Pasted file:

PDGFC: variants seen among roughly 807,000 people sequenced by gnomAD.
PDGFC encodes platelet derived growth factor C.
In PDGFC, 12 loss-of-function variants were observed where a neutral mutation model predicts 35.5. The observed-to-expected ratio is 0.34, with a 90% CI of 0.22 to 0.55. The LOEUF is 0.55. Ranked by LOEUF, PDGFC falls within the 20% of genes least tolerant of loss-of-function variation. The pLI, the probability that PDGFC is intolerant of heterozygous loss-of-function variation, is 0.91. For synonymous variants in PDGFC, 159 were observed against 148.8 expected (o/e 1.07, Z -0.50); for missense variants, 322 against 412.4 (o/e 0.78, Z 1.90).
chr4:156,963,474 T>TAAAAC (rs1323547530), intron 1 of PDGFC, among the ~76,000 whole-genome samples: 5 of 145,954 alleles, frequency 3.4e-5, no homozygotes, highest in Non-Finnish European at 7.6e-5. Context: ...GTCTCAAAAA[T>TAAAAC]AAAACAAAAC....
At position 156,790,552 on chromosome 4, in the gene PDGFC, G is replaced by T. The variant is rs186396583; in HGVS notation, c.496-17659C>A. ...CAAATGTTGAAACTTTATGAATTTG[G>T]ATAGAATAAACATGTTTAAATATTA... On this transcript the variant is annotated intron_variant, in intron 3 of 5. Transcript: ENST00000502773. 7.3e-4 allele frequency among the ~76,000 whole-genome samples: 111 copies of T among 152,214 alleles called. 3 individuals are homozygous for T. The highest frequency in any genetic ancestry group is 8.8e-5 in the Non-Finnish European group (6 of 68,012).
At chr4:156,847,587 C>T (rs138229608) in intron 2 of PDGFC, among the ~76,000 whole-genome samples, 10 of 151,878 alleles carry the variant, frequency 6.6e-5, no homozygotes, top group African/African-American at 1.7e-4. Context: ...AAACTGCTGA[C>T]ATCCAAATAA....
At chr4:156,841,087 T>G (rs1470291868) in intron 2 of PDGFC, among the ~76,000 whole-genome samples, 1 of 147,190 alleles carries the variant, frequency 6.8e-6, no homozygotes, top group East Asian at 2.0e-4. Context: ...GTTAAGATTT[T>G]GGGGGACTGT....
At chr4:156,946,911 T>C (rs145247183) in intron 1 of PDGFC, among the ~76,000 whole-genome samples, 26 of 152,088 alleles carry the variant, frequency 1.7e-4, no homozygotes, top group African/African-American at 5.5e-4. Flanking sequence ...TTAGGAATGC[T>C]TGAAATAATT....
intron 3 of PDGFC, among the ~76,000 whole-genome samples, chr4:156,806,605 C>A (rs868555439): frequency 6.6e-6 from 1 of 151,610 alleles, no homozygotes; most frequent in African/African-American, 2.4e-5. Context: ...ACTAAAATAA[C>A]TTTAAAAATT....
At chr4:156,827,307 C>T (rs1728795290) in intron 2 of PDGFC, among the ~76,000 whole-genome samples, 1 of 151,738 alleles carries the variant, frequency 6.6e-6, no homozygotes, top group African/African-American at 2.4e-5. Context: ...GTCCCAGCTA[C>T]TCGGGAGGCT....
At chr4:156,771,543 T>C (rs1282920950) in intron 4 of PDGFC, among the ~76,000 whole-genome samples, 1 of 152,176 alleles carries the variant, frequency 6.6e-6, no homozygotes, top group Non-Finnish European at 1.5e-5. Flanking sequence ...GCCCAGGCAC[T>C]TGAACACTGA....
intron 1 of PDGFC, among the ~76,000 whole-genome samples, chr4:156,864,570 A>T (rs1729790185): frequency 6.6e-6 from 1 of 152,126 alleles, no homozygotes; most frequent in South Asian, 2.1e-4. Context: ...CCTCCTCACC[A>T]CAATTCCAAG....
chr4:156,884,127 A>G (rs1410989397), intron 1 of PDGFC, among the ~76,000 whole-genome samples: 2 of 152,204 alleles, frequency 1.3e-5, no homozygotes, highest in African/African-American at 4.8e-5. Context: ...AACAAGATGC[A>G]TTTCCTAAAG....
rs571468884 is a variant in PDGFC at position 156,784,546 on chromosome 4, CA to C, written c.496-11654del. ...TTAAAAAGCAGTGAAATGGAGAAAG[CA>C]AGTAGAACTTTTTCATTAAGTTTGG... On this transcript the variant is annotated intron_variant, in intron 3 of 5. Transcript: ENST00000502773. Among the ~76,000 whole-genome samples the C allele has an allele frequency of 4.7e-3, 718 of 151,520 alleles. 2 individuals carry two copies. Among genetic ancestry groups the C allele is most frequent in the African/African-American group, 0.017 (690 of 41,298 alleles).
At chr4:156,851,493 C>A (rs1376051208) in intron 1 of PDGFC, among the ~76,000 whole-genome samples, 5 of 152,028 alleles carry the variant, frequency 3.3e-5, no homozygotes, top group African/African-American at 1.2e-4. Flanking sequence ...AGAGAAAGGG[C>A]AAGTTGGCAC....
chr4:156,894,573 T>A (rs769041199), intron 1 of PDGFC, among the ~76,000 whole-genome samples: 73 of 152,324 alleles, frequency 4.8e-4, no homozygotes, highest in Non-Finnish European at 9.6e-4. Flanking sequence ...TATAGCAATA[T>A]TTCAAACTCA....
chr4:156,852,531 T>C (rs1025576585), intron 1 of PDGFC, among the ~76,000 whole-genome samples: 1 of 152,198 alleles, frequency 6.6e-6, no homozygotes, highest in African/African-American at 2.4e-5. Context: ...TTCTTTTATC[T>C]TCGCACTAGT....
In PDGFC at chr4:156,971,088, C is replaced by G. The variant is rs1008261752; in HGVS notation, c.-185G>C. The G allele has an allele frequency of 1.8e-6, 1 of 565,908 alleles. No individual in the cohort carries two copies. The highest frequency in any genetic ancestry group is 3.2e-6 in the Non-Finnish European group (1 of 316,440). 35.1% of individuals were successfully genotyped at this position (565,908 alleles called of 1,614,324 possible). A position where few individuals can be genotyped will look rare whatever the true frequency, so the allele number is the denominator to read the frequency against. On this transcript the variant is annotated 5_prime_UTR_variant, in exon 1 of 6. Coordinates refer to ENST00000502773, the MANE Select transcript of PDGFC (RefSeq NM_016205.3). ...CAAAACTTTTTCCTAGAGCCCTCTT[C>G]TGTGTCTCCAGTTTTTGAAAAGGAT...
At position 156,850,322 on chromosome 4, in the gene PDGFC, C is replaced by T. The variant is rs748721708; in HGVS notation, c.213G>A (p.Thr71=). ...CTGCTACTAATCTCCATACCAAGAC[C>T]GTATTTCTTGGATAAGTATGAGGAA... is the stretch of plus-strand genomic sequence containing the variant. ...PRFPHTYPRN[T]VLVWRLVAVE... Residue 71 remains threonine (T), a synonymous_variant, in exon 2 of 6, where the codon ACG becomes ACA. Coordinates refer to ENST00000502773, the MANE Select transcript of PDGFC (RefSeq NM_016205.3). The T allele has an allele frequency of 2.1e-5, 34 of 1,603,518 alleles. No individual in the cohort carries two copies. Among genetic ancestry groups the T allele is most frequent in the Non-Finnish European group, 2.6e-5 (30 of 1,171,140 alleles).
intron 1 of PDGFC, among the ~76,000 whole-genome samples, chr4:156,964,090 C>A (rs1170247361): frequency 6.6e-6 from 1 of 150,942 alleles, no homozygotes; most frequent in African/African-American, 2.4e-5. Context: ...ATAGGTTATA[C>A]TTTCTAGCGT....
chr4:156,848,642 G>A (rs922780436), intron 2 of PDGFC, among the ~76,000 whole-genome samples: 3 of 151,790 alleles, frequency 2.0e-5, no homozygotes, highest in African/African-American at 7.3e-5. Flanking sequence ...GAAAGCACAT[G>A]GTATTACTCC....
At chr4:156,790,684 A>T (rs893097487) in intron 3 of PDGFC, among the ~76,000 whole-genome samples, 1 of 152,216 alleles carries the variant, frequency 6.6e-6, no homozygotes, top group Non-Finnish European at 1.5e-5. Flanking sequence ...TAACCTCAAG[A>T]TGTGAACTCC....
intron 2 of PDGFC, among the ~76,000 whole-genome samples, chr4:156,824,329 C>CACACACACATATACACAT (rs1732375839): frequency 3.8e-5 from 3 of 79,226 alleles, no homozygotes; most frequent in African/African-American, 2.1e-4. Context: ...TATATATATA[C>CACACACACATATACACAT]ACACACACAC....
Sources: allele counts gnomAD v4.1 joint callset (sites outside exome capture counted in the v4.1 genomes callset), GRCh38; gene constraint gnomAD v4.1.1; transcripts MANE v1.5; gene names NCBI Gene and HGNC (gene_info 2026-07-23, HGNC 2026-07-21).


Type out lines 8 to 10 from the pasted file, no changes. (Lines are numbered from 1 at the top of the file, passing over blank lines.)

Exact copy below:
At chr4:156,946,911 T>C (rs145247183) in intron 1 of PDGFC, among the ~76,000 whole-genome samples, 26 of 152,088 alleles carry the variant, frequency 1.7e-4, no homozygotes, top group African/African-American at 5.5e-4. Flanking sequence ...TTAGGAATGC[T>C]TGAAATAATT....
intron 3 of PDGFC, among the ~76,000 whole-genome samples, chr4:156,806,605 C>A (rs868555439): frequency 6.6e-6 from 1 of 151,610 alleles, no homozygotes; most frequent in African/African-American, 2.4e-5. Context: ...ACTAAAATAA[C>A]TTTAAAAATT....
At chr4:156,827,307 C>T (rs1728795290) in intron 2 of PDGFC, among the ~76,000 whole-genome samples, 1 of 151,738 alleles carries the variant, frequency 6.6e-6, no homozygotes, top group African/African-American at 2.4e-5. Context: ...GTCCCAGCTA[C>T]TCGGGAGGCT....